Sunday, April 22, 2012

In Search of Doctor Fish

Today Jackie and I wandered around Hongdae, a district in Seoul is known for Hongik University (the most famous school of Fine Arts and Design in the country), and it’s nightclubs. Hongdae has a Brooklyn-like feel, with intimately tucked away shops, and trees lining the many small side streets. The design is one-of-a-kind, free and artsy, yet intentional, with every detail carefully considered. Our original intent was to go to a place called “Doctor Fish,” which offers a spa-like treatment where fish eat the dead skin off you feet. Some friends of ours had gone and recommended the experience.
With our out-of-date guidebook in hand, we wandered around in search Doctor Fish. It was chilly and rainy, but we were determined to get our feet fishily refreshed. We knew the subway exit that it was near, that it was on the second floor of some building, and it’s name in Korean. There aren’t really street names in Korea, so this information is usually what you have to go off of. Thankfully, a friendly Korean woman saw us looking at a map and took about 30 minutes out of her day to help us find it.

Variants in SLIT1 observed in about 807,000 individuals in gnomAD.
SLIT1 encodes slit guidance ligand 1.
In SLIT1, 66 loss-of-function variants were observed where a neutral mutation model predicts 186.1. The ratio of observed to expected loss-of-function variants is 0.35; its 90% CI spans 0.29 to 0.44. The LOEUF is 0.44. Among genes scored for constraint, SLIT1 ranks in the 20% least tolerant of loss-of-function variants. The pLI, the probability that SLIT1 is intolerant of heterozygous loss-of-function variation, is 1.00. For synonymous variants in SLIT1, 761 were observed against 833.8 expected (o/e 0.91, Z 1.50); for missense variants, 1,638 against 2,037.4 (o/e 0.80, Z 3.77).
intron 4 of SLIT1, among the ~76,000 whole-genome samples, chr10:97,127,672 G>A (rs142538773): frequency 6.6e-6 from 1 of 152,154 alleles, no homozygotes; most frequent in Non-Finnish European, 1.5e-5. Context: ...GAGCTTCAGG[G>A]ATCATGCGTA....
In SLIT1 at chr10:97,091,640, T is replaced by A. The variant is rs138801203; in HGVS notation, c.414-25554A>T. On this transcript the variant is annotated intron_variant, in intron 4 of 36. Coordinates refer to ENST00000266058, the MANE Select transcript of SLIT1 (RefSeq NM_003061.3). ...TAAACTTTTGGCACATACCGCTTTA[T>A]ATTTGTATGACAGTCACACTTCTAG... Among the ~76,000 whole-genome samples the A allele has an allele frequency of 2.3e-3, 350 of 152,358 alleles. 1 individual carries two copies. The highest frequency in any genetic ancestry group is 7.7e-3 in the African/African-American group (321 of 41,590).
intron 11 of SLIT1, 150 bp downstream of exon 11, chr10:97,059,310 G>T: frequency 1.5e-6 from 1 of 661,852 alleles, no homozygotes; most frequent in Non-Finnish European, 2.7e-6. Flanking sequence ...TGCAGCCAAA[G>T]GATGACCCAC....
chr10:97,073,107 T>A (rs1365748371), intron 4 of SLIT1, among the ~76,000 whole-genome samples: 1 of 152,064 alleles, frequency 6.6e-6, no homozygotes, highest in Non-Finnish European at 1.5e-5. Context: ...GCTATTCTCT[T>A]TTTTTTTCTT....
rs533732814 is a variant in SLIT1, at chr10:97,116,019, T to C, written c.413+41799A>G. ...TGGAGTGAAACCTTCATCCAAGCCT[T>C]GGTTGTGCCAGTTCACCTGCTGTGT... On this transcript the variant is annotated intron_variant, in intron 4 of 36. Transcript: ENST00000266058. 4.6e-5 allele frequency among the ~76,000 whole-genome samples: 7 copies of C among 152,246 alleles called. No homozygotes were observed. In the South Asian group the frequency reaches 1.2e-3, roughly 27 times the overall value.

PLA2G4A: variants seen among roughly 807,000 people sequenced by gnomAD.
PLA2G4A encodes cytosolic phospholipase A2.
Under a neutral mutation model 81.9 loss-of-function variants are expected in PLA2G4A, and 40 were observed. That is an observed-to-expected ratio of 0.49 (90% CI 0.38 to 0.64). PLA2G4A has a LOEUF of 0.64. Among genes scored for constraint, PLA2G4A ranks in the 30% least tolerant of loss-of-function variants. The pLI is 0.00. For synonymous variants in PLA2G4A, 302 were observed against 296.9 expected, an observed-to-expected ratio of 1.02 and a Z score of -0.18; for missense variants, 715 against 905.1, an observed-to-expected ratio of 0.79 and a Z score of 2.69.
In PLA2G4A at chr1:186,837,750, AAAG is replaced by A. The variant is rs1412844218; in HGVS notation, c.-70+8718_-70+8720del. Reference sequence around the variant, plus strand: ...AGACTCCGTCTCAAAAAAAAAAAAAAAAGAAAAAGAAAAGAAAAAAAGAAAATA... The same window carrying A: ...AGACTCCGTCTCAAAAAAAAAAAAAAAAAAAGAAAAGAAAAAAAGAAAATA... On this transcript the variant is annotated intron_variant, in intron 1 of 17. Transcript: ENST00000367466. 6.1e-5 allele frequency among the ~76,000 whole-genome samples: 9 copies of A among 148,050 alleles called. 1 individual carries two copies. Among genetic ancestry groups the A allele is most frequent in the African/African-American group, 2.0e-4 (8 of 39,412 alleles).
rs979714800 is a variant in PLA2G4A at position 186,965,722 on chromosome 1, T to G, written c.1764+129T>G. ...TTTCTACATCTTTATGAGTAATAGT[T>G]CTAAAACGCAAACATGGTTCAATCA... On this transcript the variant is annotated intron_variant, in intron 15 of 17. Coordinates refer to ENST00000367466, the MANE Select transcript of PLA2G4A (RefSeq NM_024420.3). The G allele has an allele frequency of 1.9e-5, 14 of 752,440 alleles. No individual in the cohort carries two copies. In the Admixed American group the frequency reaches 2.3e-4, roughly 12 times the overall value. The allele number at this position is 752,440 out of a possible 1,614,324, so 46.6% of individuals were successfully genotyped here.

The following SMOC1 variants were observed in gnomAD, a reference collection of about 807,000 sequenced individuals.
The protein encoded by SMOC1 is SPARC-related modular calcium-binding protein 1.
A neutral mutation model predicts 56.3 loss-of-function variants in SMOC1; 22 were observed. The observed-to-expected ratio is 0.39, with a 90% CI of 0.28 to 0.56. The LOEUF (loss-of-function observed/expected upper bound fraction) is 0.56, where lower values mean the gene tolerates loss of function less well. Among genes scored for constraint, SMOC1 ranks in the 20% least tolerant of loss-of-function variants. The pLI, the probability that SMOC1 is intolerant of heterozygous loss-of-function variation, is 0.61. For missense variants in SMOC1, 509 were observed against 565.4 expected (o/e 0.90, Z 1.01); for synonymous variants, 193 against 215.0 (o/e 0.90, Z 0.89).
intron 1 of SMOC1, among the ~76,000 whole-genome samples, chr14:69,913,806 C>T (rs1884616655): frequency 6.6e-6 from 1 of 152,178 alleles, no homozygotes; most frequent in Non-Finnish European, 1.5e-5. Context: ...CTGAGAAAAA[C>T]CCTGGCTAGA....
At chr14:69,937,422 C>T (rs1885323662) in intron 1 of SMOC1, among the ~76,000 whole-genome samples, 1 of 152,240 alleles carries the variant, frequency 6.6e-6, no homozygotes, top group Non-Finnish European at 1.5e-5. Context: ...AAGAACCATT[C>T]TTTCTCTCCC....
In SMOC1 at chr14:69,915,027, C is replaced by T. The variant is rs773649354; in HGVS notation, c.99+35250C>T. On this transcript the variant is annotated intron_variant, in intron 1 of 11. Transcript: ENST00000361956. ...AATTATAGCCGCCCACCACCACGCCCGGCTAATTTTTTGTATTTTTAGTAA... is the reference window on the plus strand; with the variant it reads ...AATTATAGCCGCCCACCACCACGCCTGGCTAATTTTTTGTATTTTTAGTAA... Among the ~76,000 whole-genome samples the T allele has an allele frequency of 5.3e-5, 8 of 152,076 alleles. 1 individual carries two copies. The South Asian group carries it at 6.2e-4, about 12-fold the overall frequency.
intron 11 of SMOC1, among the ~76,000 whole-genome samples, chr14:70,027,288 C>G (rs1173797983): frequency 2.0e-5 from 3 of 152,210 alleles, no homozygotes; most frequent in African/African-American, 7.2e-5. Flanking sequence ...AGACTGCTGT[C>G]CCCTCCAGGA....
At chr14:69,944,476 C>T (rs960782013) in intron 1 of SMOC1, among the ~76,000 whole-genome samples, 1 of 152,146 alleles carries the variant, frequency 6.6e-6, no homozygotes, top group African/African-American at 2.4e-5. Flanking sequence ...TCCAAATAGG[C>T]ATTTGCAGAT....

I’ve realized this magic trick if you are lost in Korea (which I often am)…Instead of going up to someone to ask for help, since many people can’t or don’t want to speak English, just stand on a heavily populated street holding a map and looking puzzled. Someone will come up and ask to help with surprising frequency. I’m not sure if this is a result of Korean culture, which dictates hospitality to foreigners, or perhaps many people just want the chance to practice their English. Either way, it’s helped me out on numerous occasions.
The woman eventually discovered via her iPhone that Doctor Fish no longer existed, so we thanked her graciously and parted ways. Perhaps a fish got a little too hungry? Since we were already in Hongdae, we decided to explore the clothing boutiques and cafes, which are numerous, and overwhelmingly adorable. Some shots of Hongdae:

Friday, April 13, 2012

New Camera

I just got a great new camera, a Canon EOS 600D. I've been having fun playing around with it. I like being able to do justice to some of the unique, eye-catching images I am privy to living in Korea. I'm also looking forward to using it while visiting other Asian countries in a few months. Here are some shots from last weekend:

the street in Gagnam 

into the subway

Ttukseom Resort Station

the sun going down and a train passing by

Jackie, William, Jeremy, and Audrey
at Rainbow, our favorite spot

neon lights, people trickling in


a rear-view of the reggae band

Thursday, April 12, 2012

They may be young, but they're not colorblind